A while ago I saw this touch musical keyboard kit on banggood and it seemed interesting enough to order one. It turns out the kit is using a single atmega8 to do all the touch sensing (8 ch) and play the tunes accordingly. Although not very useful for me it sure was fun to assemble and play with.
Got this cheap power socket with usb charging ports from ebay. I don’t plan to use it, I was only curious about the quality of the power supply inside.
Sometimes, when I have some spare time I like assembling these cheap kits coming from China. Today I am assembling an LM317 adjustable power supply kit complete with voltmeter. Unfortunately they sent me a wrong resistor value so the kit didn’t work as expected but I was able to fix it in the end.
A new InTheMail video containing a bunch of different stuff i got from China. If you like these videos don’t forget to subscribe to my channel and hit the like button because that always helps.
List of items shown in this video:
- HAKKO FG-100 (clone) Soldering Iron Thermometer
- A6 GSM/GPRS Breakout Module
- Sharp Multimeter Probes 1000V 20A
- TEC1-12706 Peltier Modules
- Plastic Bottle With Needle
- Universal Power Socket With Dual USB Charging Port
- 14 Types Tactile Switch Push Button Set
- Ceramic Fast Blow 1A 250V Fuse
- Outdoor Waterproof Shockproof Airtight Survival Case
Links for all of these will be in the video description on Youtube.
A while ago I watched a video from Scullcom Hobby Electronics channel where he build a precision current source, a very simple but accurate one. If you don’t know this channel I encourage you to subscribe to it, it has allot of nice videos on lab equipment either building DIY versions or reviewing existing ones. Each video has nice drawings and the guy clearly knows what he is talking about so a great resource for learning.
I don’t have any current source in my lab, and these are useful for testing multimeters for example. I was looking on ebay for a current source but I wasn’t able to find an affordable one so I’ve decided to build one using the project information from that video and I will link the video in the description below, it’s nice to watch it has lots of interesting explanations so I won’t repeat them in this video, I will mostly focus on showing you how I build and improved my current source.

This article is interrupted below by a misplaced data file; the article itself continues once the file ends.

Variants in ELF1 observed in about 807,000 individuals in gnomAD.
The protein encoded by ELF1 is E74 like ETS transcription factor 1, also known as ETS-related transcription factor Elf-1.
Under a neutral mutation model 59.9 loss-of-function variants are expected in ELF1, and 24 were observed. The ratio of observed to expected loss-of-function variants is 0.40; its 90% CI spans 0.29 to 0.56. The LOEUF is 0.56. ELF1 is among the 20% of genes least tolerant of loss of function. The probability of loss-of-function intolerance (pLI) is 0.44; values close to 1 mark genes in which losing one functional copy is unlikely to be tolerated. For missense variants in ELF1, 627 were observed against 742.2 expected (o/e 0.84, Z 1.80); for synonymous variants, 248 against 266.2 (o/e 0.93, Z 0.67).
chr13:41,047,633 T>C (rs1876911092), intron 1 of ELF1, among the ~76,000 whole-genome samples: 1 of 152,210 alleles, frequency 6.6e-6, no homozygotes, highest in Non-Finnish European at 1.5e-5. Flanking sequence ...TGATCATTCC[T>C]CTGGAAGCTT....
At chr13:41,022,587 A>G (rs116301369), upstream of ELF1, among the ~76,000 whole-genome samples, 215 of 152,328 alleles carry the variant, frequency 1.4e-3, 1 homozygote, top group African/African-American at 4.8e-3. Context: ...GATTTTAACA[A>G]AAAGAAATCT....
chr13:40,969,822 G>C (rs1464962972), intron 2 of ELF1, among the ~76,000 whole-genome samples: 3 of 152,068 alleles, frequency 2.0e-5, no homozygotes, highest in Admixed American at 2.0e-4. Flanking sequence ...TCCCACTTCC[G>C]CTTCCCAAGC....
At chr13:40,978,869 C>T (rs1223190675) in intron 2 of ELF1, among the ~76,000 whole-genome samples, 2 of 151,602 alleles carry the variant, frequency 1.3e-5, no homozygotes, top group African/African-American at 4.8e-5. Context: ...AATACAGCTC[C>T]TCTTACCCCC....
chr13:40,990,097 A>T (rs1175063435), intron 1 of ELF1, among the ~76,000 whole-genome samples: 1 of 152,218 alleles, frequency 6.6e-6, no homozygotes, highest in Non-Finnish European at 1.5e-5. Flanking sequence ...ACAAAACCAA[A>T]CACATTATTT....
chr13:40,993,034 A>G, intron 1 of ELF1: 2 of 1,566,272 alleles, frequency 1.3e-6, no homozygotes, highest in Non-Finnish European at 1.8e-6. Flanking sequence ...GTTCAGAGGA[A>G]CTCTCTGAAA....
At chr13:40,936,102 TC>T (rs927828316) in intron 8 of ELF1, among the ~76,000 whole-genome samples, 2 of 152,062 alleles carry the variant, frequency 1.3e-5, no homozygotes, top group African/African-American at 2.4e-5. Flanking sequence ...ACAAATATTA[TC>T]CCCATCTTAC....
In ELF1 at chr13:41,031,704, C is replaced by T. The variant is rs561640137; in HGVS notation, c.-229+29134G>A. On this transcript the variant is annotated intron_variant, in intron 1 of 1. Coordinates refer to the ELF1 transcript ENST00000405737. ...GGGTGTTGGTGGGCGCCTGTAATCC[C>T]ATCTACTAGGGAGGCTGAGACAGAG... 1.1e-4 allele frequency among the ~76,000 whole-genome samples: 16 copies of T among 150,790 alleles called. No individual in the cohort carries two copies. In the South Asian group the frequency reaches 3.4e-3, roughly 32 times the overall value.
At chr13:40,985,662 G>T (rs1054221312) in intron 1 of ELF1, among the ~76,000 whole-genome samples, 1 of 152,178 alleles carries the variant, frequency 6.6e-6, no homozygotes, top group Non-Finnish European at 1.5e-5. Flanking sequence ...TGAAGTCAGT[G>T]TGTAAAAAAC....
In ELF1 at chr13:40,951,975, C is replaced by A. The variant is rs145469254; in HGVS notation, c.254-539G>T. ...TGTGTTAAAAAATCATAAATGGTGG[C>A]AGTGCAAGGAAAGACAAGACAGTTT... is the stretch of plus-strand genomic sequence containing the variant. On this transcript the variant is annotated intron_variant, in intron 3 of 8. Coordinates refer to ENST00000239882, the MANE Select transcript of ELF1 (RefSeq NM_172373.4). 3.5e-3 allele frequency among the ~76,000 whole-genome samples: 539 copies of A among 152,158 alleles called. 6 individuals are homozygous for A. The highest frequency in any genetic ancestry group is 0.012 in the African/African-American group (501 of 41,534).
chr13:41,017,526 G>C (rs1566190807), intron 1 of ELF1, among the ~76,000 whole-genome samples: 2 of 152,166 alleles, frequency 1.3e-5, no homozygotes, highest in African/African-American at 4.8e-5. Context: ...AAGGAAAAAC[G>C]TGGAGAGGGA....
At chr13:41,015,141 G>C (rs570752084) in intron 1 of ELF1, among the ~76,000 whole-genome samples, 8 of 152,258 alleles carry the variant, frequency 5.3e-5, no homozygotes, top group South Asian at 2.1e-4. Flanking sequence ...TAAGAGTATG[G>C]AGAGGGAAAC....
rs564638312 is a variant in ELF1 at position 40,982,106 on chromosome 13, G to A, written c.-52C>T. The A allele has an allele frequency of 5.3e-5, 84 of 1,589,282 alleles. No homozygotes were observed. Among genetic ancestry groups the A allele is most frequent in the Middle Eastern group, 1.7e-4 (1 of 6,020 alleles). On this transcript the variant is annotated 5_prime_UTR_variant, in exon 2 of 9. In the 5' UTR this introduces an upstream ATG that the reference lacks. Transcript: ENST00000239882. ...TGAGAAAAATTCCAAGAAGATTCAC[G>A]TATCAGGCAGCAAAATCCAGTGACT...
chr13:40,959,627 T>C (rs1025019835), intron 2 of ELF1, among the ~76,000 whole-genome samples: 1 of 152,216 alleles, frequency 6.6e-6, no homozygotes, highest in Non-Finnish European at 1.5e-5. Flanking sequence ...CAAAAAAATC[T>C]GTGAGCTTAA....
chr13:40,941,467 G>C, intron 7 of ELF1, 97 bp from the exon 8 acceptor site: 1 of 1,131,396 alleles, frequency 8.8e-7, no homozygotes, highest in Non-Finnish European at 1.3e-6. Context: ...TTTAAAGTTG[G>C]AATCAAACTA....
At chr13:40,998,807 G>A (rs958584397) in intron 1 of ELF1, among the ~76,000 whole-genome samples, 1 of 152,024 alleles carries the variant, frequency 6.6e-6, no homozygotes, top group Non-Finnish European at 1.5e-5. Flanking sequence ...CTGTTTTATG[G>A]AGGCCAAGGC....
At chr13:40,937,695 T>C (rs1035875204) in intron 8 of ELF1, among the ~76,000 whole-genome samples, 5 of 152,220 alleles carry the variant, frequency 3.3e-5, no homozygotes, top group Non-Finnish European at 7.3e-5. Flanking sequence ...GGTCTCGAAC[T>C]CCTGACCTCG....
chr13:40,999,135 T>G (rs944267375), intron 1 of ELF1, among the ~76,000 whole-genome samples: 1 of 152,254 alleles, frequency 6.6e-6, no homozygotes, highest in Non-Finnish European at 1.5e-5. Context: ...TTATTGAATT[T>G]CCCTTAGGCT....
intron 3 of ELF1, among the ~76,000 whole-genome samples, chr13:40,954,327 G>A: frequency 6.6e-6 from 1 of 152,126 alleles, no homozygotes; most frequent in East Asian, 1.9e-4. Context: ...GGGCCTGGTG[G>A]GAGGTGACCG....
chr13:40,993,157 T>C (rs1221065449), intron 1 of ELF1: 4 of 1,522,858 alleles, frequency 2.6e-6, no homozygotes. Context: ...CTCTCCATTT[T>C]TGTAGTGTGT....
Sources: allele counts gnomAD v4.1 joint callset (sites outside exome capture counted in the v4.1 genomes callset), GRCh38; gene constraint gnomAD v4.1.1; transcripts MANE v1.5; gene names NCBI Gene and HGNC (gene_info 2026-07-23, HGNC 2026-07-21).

If you were following my InTheMail videos you probably seen these green rechargeable batteries that I got from ebay quite cheap, I think they were like 50 cents a piece. I got 4 pcs in AA size and 4 pieces in AAA size and little did I know about how crappy these could be.
Welcome to a new InTheMail, the series that will make your account balance go negative or so I’ve been told by my viewers. I admit it myself, when I watch these kind of episodes from other youtubers and i see something interesting, there is no going back, I have to order that stuff.
Today I’m going to be building a complete DIY analog bench power supply. The actual analog power supply kit (0-30V 0-3A) that I’m going to be using, is this one, it was shown and assembled in voltlog #8. Besides that I’m going to be using this plastic enclosure which I think is quite nice and perfect for such a project, this one can also be found on banggood and there will be links in the description for all the items used in this build.
Everybody knows this is a great scope for the money but as usual test equipment doesn’t use the best solutions in terms of cooling fans and associated hardware. They care mostly about keeping the unit cool and not about the noise the unit makes because usually these are used in environments where multiple equipment is run at the same time, the noise level is already high so it doesn’t matter much if a small 50mm fan is adding noise.
But it’s a totally different story for us hobbyists that are using these pieces of test equipment indoor, in our homes. We usually want units with passive cooling or with silent fans.